Full Text Available Using synchrotron X-ray powder diffraction, the structure of a co-crystal between benzene and ethane formed in situ at cryogenic conditions has been determined, and validated using dispersion-corrected density functional theory calculations. The structure comprises a lattice of benzene molecules hosting ethane molecules within channels. Similarity between the intermolecular interactions found in the co-crystal and in pure benzene indicate that the C—H...π network of benzene is maintained in the co-crystal, however, this expands to accommodate the guest ethane molecules. The co-crystal has a 3:1 benzene:ethane stoichiometry and is described in the space group R\\bar 3 with a = 15.977 (1 Å and c = 5.581 (1 Å at 90 K, with a density of 1.067 g cm−3. The conditions under which this co-crystal forms identify it is a potential that forms from evaporation of Saturn's moon Titan's lakes, an evaporite material.

  3. Volcanic sequence in Late Triassic – Jurassic siliciclastic and evaporitic rocks from Galeana, NE Mexico

    Energy Technology Data Exchange (ETDEWEB)

    Cruz-Gómez, E.M.; Velasco-Tapia, F.; Ramírez-Fernández, J.A.; Jenchen, U.; Rodríguez-Saavedra, P.; Rodríguez-Díaz, A.A.; Iriondo, A.


    In northeastern Mexico, volcanic rocks interbedded with Late Triassic–Jurassic siliciclastic and evaporitic strata have been linked to magmatic arcs developed in the Pangea western margin during its initial phase of fragmentation. This work provides new petrographic and geochemical data for volcanism included in the El Alamar and Minas Viejas formations outcropping in the Galeana region. Andesitic dykes and sills (n= 10) in the El Alamar redbeds show SiO2= 47.5–59.1% and MgO= 1.2–4.2%, as well as a geochemical affinity to island arc magmas. This work represents the first report of this tectonic setting in the region. Geological and petrographic evidence suggest that this arc system likely developed after ~220 and before ~193Ma. Trachy-andesitic and rhyodacitic domes (n= 20) associated with the Minas Viejas gypsum-carbonates sequence show SiO2= 61.8–82.7% and MgO= 0.1–4.0% with a tectonic affinity to continental arc. A rhyodacite sample from this region has been dated by U-Pb in zircon, yielding an age of 149.4 ± 1.2Ma (n= 21), being the youngest age related to this arc. Finally, we propose a threestep model to explain the tectonic evolution from Late Triassic island arc to Jurassic continental arc system in the northeastern Mexico.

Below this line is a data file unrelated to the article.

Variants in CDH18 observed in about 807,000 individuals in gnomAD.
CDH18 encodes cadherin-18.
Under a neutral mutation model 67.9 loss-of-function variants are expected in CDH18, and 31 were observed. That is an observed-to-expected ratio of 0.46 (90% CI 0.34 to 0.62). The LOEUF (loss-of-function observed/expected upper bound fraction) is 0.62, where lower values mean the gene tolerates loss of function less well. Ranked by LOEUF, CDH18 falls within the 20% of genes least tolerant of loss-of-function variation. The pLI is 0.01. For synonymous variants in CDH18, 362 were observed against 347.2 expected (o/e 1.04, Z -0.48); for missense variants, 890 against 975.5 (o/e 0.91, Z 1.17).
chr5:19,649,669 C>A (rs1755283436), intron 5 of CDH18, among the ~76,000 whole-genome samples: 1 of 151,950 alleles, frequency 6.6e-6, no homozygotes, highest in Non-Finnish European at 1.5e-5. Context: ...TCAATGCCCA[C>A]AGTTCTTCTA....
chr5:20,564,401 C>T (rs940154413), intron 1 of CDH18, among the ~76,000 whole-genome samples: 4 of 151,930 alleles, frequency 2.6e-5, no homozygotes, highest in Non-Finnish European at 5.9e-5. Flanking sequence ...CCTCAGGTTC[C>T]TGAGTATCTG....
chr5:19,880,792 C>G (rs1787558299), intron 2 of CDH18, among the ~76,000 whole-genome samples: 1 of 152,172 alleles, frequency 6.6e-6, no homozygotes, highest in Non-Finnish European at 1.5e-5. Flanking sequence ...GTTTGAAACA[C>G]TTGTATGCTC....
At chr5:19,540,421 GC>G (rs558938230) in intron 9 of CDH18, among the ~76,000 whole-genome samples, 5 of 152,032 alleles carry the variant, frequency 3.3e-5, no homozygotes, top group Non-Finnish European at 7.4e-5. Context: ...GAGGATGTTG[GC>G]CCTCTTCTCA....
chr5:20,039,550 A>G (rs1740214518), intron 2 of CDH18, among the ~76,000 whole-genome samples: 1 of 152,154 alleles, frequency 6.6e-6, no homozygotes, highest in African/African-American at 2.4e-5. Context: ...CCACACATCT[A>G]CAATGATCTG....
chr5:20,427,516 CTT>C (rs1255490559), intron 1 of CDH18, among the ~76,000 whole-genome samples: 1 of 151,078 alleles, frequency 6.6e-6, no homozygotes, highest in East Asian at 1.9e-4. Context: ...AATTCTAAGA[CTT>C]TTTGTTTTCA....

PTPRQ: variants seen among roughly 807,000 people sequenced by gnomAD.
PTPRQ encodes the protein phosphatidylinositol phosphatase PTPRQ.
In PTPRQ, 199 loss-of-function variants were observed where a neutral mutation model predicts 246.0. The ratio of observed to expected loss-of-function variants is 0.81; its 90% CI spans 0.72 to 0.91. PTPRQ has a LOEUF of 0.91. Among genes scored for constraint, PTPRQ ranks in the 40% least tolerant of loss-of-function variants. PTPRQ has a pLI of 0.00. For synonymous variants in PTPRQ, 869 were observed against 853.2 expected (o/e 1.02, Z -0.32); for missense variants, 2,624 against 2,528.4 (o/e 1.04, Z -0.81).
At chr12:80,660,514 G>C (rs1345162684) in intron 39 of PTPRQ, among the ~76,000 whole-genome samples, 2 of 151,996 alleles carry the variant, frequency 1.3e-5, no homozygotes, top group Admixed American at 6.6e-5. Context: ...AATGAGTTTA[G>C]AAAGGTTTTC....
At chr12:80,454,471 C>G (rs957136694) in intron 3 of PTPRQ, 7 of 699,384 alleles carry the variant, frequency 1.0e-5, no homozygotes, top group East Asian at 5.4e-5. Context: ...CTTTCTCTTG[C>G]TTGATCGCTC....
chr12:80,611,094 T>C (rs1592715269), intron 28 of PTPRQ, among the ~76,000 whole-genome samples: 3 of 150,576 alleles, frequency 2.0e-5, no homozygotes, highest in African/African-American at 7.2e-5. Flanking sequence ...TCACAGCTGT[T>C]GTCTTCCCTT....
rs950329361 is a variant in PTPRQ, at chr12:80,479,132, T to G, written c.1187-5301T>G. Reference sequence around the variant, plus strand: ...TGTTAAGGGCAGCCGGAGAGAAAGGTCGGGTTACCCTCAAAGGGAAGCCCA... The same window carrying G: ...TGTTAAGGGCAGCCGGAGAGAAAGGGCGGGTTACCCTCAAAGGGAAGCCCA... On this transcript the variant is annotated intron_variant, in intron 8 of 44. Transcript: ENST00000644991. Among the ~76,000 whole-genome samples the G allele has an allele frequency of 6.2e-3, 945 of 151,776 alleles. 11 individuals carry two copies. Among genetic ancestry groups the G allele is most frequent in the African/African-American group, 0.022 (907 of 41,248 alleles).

4. Geochemical impacts of groundwater heat pump systems in an urban alluvial aquifer with evaporitic bedrock. (United States)

    Garrido Schneider, Eduardo A; García-Gil, Alejandro; Vázquez-Suñè, Enric; Sánchez-Navarro, José Á


    In the last decade, there has been an extensive use of shallow geothermal exploitations in urban environments. Although the thermal interference between exploitations has been recently studied, there is a lack of knowledge regarding the geochemical impacts of those systems on the aquifers where they are installed. Groundwater flow line scale and well-doublet scale research work has been conducted at city scale to quantify the geochemical interaction of shallow geothermal exploitations with the environment. A comprehensive analysis was conducted on data obtained from a monitoring network specifically designed to control and develop aquifer policies related to thermal management of the aquifer. The geochemical impacts were evaluated from a thermodynamic point of view by means of saturation index (SI) calculations with respect to the different mineral species considered in the system. The results obtained indicate limited geochemical interaction with the urban environment in most of the situations. However, there are some cases where the interaction of the groundwater heat pump installations with the evaporitic bedrock resulted in the total disablement of the exploitation system operation wells. The application of the tool proposed proved to be pragmatic in the evaluation of geochemical impacts. Injection of water into the aquifer can trigger an important bedrock gypsum and halite dissolution process that is partly responsible for scaling in well casing pipes and collapse of the terrain in the vicinity of injection wells. Copyright © 2015 Elsevier B.V. All rights reserved.

  5. Aluminum Sulfate 18 Hydrate (United States)

    Young, Jay A.


    A chemical laboratory information profile (CLIP) of the chemical, aluminum sulfate 18 hydrate, is presented. The profile lists physical and harmful properties, exposure limits, reactivity risks, and symptoms of major exposure for the benefit of teachers and students using the chemical in the laboratory.

  6. Salt tectonics on propagating passive roof detachments: The case of the Sivas Basin (Turkey) (United States)

    Legeay, Etienne; Kergaravat, Charlie; Ringenbach, Jean-Claude; Ribes, Charlotte; Pichat, Alexandre; Callot, Jean-Paul